Class Actions

Rhode Island

RI - Cassie M. v. Raimondo

At the time of trial in 2013, Cassie M. was 17 years old and had been in DCYF custody for eight years. DCYF moved her through numerous unsafe and inappropriate placements, subjected her to inconsistent, harmful contact with her birth mother, and separated her from her sisters. Although she has been freed for adoption for a number of years, she remains in DCYF custody in a non-family group placement.

Also as of the trial, Danny B. was 13 years old and had been in DCYF custody for nine years. While in care, DCYF placed Danny in a series of temporary, inappropriate placements, including one in which Danny asserts he was brutally sexually abused. Additionally, DCYF failed to provide timely mental health services to Danny, despite evidence that his psychological condition was worsening. Although Danny had been free for adoption since 2006, DCYF failed to find a permanent adoptive home for him for almost seven years, and in the meantime subjected him to several adoption disruptions.

United States District Court for the District of Rhode Island
STATUS: Trial Decision Vacated and Remanded to the District Court of Rhode Island by the United States Court of Appeals for the First Circuit (No. 14-1585)
FILED: June 28, 2007

Children’s Rights, Rhode Island attorney John Dineen, and international law firm Weil, Gotshal & Manges LLP filed this case against the governor of the state of Rhode Island, the secretary of the Executive Office of Health and Human Services, and the director of the Rhode Island Department of Children, Youth and Families (“DCYF”). The case was filed on behalf of all children who are or will be in the legal custody of DCYF due to a report or suspicion of abuse or neglect, alleging violations of their constitutional rights to substantive due process and familial association, and their statutory rights to adequate case plans and foster care maintenance payments. Among the issues described in the Second Amended Complaint and demonstrated at trial through exhibits and expert testimony:

  • Children in DCYF’s care are maltreated at an alarmingly high rate. In recent years, children in foster care in Rhode Island were subjected to maltreatment at a rate more than three times the federal standard, and since FFY 2004, Rhode Island has ranked among the six worst states in the nation on this measure.
  • DCYF overburdens CPS investigators with high caseloads and fails to timely complete investigations of maltreatment in care.  Evidence shows that CPS investigators often have caseloads at least twice the rate of the highest professional standard.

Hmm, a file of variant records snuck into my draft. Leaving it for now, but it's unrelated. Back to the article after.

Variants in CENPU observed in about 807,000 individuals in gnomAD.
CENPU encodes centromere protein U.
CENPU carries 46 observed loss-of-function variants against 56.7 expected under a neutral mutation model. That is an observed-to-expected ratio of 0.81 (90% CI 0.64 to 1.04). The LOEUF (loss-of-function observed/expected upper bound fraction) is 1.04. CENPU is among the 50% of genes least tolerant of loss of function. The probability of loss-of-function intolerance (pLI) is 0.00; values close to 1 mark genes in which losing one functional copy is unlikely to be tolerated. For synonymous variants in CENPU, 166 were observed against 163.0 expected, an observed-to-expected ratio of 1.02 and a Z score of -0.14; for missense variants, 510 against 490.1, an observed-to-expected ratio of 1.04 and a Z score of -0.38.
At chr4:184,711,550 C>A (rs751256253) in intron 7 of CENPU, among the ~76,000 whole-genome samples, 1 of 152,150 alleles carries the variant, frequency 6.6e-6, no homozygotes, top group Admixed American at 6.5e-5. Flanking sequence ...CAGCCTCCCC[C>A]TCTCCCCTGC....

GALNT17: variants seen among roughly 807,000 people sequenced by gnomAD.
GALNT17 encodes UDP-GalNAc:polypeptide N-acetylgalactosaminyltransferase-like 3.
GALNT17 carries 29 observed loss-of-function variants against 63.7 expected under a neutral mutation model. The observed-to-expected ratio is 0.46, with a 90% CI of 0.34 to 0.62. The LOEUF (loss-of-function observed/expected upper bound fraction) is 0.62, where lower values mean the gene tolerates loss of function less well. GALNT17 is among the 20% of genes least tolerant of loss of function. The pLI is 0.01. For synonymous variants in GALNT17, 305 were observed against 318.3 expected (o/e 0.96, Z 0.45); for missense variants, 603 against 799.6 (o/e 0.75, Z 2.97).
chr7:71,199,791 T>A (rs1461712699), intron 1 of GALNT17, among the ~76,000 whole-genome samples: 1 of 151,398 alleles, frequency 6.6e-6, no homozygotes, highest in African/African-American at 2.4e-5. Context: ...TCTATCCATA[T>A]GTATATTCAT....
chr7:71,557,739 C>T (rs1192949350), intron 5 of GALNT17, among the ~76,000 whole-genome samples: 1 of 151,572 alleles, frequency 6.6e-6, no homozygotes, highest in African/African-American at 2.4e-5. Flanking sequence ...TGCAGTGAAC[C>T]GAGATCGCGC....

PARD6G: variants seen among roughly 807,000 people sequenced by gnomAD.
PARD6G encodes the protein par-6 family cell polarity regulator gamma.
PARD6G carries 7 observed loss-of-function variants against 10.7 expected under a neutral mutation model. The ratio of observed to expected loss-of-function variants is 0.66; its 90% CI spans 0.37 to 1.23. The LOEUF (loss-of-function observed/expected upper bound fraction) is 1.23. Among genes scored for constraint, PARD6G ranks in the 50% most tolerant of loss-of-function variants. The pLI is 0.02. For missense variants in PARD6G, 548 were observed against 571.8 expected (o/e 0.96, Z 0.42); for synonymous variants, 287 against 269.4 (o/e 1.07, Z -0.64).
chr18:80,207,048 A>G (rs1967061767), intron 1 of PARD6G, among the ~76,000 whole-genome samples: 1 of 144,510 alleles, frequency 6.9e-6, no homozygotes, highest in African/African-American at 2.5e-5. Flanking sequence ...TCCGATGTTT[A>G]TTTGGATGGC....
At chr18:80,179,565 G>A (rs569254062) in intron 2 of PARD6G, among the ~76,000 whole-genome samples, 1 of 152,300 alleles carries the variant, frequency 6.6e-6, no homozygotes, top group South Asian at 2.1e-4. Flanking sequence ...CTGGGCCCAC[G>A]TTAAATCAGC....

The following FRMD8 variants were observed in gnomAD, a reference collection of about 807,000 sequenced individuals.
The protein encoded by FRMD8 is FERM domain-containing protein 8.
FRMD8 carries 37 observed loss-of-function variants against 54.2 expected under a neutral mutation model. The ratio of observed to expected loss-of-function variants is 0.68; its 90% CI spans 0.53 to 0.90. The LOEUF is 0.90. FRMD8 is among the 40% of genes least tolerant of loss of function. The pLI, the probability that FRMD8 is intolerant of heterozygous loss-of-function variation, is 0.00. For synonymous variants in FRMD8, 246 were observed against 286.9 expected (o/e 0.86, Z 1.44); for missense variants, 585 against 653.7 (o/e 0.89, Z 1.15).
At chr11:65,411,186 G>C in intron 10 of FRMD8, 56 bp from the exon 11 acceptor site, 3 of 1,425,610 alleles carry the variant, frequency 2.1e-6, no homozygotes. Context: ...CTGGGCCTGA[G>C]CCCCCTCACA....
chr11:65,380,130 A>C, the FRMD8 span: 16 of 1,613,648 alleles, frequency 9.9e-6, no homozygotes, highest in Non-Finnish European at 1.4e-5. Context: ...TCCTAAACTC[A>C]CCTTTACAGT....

• DCYF dangerously overburdens family service caseworkers.  Evidence shows that up to 79 percent of caseworkers were assigned caseloads that exceeded the highest professional standard of 18 children, and thatup to 85 percent of children were in the hands of these overburdened workers.
  • DCYF fails to ensure adequate and frequent caseworker visitation of children.  In FFY 2011, 42 percent of children did not receive monthly visits from their caseworkers.
  • DCYF lacks an adequate array of homes for children in foster care and places them in congregate care facilities at extremely high rates.  As of January 2013, 31 percent of children in DCYF foster care were placed in congregate care.
  • Children re-enter DCYF foster care at an excessively high rate.  In FFY 2012, 19 percent of children in DCYF custody who entered an out-of-home placement re-entered DCYF custody as a result of additional abuse or neglect within 12 months of a prior episode.
  • DCYF fails to place siblings together and to ensure visitation between siblings if they are placed apart.
  • DCYF fails to provide children with case plans that comply with federal law.  Case plans frequently fail to include information such as a record of the child’s immunizations or a discussion of the appropriateness of the child’s education setting, and are rife with outdated information.
  • DCYF fails to make foster care maintenance payments that fully cover enumerated costs under federal law, with even the state’s own audit recommending that rates be increased substantially. In order to cover the entirety of the estimated cost of caring for a child, Rhode Island would need to increase the current board rates by 72 percent.

The district court declined to address Plaintiffs’ two Motions for Class Certification for nearly seven years , and instead ordered a trial be held on the claims of the individual named plaintiffs.  This trial began November 2013 and the plaintiffs rested their case-in-chief in early January 2014.  At that time, the defendants asked the judge to dismiss the case, arguing that the plaintiffs had not met their burden of proof.  The plaintiffs responded with powerful evidence that Rhode Island children in foster care are exposed to numerous harms as a result of the defendants’ systemic deficiencies.  Nevertheless, the judge ordered that the case be dismissed, denying relief to this vulnerable class of the plaintiff children. Plaintiffs appealed to the First Circuit Court of Appeals and argued their case on March 4, 2015. On April 21, 2015, the First Circuit threw out the decision dismissing the case, finding that the trial court had “impermissibly tilted the playing field” against the Plaintiff Children and sending the case back down to the district court for further proceedings.